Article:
‘Twas the long weekend and I was invited to join my friend at his cottage.
My original fishing goals for this trip were to go after lake trout and walleye, but these goals would soon be revised. For deep jigging in the lake, I bought some 1 oz. jigheads and a dozen large minnows. Can’t forget the 2 dozen worms! Off we went…
We arrived at nightfall and I was dying to test out the minnows off the dock. I was after a new species of something, maybe a burbot or a catfish of sorts.
Of course, I caught bass after bass =D.
I was using a wire leader in case of pike and fishing the minnows off the bottom at first. I soon figured out that the bottom was choked with weeds. More had grown in since my last visit.
I took out my light-up bobber and missed some strikes. After 4 or 5 spat hooks, I finally landed this poor bass with a deformed mouth. This guy was probably torn up after being poorly unhooked as a juvenile.
I finally figured out how to keep the fish hooked and the action was fairly steady after that. Bass after bass.
A nice one:
I had just learned the extreme potency of live minnows.
The next morning I woke up and took the kayak out on the lake. I trekked out to what seemed to be the deepest part of the lake and dropped down my 1oz. jighead tipped with a minnow.
I counted down the depth…. 1, 2, 3… bottom. Only 3 seconds to hit bottom. Much too shallow for any lakers.
A quick chat with a fellow in a canoe confirmed my suspicion: the lake was too shallow for trout. It maxed out at 30 ft. He added that the lake had nothing but bass.
No pike, no walley… just bass.
A little distraught, I paddled back to shore to look for some micro fish. I could at least add some micros to my species list =). I found a school of minnows I hadn’t caught before and instead caught three of these gorgeous pumpkinseed on my number 24 hook…
Big fish, little bait rings true once again!
Finally got the minnow I was after:
Referencing the sampling report of the lake revealed this fish to be a bluntnose minnow.
After I had my micro fishing fill, I tied on my floating rapala F-7 and cast out for some shore bass fishing. Adjacent to my friend’s dock was this perfect bass habitat:
One cast into the weed openings confirmed my suspicion. I had gotten the attention of a BIG bass! A ran back and tipped the rapalla with a worm, and then I just switched to a real minnow. A few casts later, I had’em:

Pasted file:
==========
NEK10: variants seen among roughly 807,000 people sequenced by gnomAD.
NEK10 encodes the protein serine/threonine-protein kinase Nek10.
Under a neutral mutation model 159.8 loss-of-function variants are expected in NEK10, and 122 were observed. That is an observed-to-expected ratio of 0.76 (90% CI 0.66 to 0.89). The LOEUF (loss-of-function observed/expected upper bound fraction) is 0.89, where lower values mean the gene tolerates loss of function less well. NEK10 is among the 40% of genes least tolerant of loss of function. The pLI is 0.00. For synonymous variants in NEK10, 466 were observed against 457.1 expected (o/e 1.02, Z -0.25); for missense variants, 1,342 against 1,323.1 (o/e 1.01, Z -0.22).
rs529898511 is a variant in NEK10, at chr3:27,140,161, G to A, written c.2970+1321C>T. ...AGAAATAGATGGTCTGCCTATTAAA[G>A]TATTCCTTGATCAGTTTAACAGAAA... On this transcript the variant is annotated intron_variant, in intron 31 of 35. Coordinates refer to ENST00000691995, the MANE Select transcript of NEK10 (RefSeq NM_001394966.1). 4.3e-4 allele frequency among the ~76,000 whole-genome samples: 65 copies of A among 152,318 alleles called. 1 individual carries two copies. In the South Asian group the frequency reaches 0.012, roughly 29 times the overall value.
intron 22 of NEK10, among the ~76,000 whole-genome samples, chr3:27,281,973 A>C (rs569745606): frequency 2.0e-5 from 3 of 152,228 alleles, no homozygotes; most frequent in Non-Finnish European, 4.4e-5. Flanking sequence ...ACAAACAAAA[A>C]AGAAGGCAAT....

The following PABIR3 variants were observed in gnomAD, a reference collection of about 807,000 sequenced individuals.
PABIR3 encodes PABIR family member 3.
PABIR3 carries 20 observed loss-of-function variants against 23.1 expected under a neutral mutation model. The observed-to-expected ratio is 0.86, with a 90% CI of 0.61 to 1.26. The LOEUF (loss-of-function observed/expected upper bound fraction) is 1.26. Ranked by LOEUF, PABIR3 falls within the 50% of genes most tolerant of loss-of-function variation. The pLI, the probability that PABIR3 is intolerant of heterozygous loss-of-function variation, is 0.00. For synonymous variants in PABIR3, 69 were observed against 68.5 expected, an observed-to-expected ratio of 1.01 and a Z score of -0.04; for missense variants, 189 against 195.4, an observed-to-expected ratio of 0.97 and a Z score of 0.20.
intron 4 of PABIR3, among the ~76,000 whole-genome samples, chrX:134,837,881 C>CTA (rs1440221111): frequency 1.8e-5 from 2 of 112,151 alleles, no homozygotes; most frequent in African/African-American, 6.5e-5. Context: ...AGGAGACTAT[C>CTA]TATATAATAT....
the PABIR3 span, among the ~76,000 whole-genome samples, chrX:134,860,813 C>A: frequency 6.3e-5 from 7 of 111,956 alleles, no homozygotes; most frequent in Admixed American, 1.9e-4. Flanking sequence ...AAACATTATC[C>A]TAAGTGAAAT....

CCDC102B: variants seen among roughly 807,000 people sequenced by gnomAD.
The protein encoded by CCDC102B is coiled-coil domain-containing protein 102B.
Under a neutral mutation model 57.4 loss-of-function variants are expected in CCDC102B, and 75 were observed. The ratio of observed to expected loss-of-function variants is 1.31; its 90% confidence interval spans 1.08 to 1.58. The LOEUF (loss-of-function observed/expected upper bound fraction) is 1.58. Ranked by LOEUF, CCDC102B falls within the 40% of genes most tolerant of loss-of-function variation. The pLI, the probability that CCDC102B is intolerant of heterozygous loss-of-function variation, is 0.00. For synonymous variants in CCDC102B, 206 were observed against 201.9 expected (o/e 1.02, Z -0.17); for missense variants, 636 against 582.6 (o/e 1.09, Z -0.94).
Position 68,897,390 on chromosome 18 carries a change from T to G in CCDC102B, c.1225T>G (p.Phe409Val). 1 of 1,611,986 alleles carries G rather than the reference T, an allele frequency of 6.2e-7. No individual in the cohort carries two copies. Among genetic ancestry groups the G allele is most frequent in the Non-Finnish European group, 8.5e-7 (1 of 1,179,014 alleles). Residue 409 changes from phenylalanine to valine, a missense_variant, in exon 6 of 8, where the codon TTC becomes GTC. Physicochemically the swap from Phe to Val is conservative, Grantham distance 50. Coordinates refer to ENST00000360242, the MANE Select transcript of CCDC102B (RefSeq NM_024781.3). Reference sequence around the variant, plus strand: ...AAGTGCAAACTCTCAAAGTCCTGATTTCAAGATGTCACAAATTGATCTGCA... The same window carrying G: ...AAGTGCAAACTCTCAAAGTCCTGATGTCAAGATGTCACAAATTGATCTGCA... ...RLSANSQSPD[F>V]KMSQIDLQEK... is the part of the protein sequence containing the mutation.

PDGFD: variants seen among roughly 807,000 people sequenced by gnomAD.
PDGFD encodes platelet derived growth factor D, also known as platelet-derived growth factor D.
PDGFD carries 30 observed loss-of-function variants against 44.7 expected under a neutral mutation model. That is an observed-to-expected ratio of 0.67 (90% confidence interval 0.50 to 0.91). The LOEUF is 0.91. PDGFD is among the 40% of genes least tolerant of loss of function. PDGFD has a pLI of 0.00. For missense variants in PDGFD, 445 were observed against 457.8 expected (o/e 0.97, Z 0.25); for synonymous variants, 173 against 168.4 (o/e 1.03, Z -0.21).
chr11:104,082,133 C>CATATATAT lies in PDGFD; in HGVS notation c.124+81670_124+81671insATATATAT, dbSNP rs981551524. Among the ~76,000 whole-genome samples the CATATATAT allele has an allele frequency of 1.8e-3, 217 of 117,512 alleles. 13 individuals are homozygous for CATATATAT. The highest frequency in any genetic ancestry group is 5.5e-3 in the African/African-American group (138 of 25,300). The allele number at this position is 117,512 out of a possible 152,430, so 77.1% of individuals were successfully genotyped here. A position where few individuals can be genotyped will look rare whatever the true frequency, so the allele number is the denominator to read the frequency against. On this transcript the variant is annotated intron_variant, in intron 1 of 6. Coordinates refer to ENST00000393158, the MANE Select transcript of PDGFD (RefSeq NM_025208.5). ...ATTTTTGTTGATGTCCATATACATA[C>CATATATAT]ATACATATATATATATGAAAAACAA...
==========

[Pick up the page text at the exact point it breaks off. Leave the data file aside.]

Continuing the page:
I switched to circle hooks to ease the unhooking process. The minnows were just working too well to justify the continued use of J hooks.
The action on the minnows was very steady. Fish, after fish…
Within an hour or two I think I’d caught every fish in the area because the bite stopped dead!
The sights of cottage country:
The next morning I set out to check a hot tip my friend’s uncle had given me. He mentioned brook trout in the stream adjacent to the lake. The lake was connected to two streams. I would check both of them.
Only to find…
I tried portaging in, but the stream was lined with bushes. Further, had I walked straight up the middle of the stream, I would have sunken into mud up to my hips.
I tried the stream on the other side of the lake:
Only to find…
Where’d the water go!
To my content, the stream widened up as I walked along. Wide enough to hold some darkly coloured creek chub:
I saw a hummingbird to boot! I made my way back…
The next morning I decided to revisit the first stream from yesterday’s trip and approach it from the cottage road. After a nice hike along the cottage road, I reached the stream and climbed down the rock face:
I was hoping to finally find the brookies, but once again I only found shallow, warm water and chubs.
After hooking a Spanish armada of chubs, I finally hooked into something new:
This was my first longnose dace, and a new entry into the lifelist.
Headed down the stream until I walked into an unhappy land owner… and then turned the other way. I saw some snakes on the hike back:
Not a bad weekend! Some solid bass fishing, and two new lifelist entries.